Determination of Phosphonate Concentration in Water
|Publication Date:||6 April 2018|
This standard test method is a colorimetric determination of low concentrations of phosphonate residuals in water from oil and gas production, water injection/disposal, and other industrial applications.
This test method is applicable to determination of phosphonate concentrations in the range of 0.1 to 5 mg/L.
For samples containing more than 5 mg/L phosphonate, the sample must first be diluted with a known quantity of deionized water so that the phosphonate concentration is within the applicable range of this test method. The quantity of deionized water added is used to compute the Laboratory Dilution Factor described in Section 10.1.
Analyses of water samples containing less than 0.5 mg/L phosphonate shall follow the modification in Paragraph 8.1.1.
Additional information can be found in API(1) RP 45.2
This test method is intended to analyze low phosphonate concentrations in waters that contain interferences. Typical interferences include calcium, barium, strontium, sulfate, sulfide, orthophosphate, silicate, and iron (Fe+2/Fe+3). Other interferences include oil droplets, turbidity, and high total dissolved solids (> 100,000 mg/L). [out of place - moved to 1.5]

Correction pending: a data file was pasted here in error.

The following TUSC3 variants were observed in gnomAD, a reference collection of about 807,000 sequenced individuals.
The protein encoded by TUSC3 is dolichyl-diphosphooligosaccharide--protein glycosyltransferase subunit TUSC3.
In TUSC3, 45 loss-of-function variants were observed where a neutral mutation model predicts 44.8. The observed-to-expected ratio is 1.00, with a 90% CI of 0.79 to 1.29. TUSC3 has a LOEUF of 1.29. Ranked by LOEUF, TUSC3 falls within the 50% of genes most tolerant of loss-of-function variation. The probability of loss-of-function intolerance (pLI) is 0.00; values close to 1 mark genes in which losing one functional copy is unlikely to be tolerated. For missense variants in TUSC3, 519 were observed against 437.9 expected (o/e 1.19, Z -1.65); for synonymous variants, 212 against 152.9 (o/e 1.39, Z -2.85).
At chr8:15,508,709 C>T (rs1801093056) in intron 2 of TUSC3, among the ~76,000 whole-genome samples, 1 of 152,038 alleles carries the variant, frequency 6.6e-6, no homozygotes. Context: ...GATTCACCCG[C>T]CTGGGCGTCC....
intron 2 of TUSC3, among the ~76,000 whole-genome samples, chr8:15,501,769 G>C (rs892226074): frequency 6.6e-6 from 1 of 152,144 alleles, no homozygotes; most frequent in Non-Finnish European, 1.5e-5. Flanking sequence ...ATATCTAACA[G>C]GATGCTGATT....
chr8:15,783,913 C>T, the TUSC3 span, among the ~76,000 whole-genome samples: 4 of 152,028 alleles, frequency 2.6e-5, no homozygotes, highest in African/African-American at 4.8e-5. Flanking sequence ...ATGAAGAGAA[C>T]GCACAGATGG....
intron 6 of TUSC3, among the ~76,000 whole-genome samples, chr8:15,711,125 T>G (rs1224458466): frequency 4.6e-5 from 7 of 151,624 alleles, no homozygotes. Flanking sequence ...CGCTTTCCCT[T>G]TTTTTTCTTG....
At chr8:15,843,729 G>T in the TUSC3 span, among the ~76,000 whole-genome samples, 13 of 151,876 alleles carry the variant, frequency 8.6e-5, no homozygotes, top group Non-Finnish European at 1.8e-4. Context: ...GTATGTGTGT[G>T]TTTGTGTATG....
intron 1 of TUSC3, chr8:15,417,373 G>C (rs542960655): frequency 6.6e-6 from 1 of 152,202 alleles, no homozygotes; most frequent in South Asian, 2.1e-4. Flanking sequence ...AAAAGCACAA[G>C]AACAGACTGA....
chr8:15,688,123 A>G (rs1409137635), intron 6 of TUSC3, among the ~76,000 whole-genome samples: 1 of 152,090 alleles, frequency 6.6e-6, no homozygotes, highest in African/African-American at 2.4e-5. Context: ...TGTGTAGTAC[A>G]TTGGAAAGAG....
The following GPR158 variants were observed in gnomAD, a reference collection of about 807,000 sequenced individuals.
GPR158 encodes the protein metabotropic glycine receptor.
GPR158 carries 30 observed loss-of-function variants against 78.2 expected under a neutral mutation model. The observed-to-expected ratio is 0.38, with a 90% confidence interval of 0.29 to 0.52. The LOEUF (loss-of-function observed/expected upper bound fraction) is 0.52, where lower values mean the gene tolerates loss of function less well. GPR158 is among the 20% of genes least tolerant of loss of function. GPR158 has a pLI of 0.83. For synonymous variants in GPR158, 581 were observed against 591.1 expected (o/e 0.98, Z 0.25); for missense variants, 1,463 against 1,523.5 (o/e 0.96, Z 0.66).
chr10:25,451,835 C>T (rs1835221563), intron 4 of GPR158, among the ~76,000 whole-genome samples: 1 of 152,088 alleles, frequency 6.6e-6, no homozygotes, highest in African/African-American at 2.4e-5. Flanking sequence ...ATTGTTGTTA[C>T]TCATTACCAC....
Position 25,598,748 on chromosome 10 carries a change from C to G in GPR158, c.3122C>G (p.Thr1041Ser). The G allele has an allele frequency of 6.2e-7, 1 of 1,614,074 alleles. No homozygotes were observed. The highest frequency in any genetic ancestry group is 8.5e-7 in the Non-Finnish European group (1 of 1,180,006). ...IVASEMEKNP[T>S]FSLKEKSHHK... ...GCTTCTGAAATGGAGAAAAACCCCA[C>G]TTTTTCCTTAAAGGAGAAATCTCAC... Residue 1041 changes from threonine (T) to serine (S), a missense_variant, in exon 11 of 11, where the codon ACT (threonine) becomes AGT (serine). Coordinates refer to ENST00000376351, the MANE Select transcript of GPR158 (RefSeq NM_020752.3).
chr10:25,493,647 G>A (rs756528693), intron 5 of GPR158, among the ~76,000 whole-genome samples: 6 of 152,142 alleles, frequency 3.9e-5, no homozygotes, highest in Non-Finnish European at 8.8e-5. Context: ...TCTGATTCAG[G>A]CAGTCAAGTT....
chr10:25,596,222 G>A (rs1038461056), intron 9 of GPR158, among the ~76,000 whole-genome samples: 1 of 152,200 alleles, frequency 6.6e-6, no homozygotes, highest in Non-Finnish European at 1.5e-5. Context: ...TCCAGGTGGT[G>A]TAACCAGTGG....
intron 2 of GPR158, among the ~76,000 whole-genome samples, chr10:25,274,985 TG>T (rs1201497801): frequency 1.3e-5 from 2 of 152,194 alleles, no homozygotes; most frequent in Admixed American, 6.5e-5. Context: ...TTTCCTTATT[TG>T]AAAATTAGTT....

This standard test method is comprised of three steps: (1) the first step is to digest the sample digestion to convert all phosphonate to orthophosphate; (2) the second step is to convert the orthophosphate conversion to a to a phosphomolybdate (PO3Mo12O36) complex,by adding a molybdate reagentthe third step is to extraction of the complex into an organic liquid phase, and color development, and (3) colorimetric determination of its concentration.
This test method has been successfully tested for and is considered valid when used for analyzing the phosphonate concentration and has been used successfully with reagent water, produced water, and synthetic brines. It is the responsibility of the user to ensure the validity of this test method when used for water of untested matrices.
Personnel using this standard must have good analytical skills.
(1) American Petroleum Institute (API), 1220 L St. NW, Washington, DC 20005-4070.